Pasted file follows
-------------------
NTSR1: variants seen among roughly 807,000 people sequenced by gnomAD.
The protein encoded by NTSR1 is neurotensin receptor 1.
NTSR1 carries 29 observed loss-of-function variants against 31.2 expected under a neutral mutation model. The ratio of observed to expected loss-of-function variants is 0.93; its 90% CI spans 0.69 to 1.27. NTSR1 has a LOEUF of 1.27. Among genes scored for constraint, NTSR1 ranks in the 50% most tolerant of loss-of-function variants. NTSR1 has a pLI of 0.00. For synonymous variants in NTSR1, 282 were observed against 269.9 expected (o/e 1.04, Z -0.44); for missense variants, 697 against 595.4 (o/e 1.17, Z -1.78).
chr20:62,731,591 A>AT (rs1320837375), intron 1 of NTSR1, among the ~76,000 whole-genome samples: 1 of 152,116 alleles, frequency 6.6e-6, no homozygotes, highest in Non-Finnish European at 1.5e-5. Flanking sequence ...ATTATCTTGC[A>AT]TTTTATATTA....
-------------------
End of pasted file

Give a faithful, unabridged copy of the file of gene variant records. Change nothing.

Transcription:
NTSR1: variants seen among roughly 807,000 people sequenced by gnomAD.
The protein encoded by NTSR1 is neurotensin receptor 1.
NTSR1 carries 29 observed loss-of-function variants against 31.2 expected under a neutral mutation model. The ratio of observed to expected loss-of-function variants is 0.93; its 90% CI spans 0.69 to 1.27. NTSR1 has a LOEUF of 1.27. Among genes scored for constraint, NTSR1 ranks in the 50% most tolerant of loss-of-function variants. NTSR1 has a pLI of 0.00. For synonymous variants in NTSR1, 282 were observed against 269.9 expected (o/e 1.04, Z -0.44); for missense variants, 697 against 595.4 (o/e 1.17, Z -1.78).
chr20:62,731,591 A>AT (rs1320837375), intron 1 of NTSR1, among the ~76,000 whole-genome samples: 1 of 152,116 alleles, frequency 6.6e-6, no homozygotes, highest in Non-Finnish European at 1.5e-5. Flanking sequence ...ATTATCTTGC[A>AT]TTTTATATTA....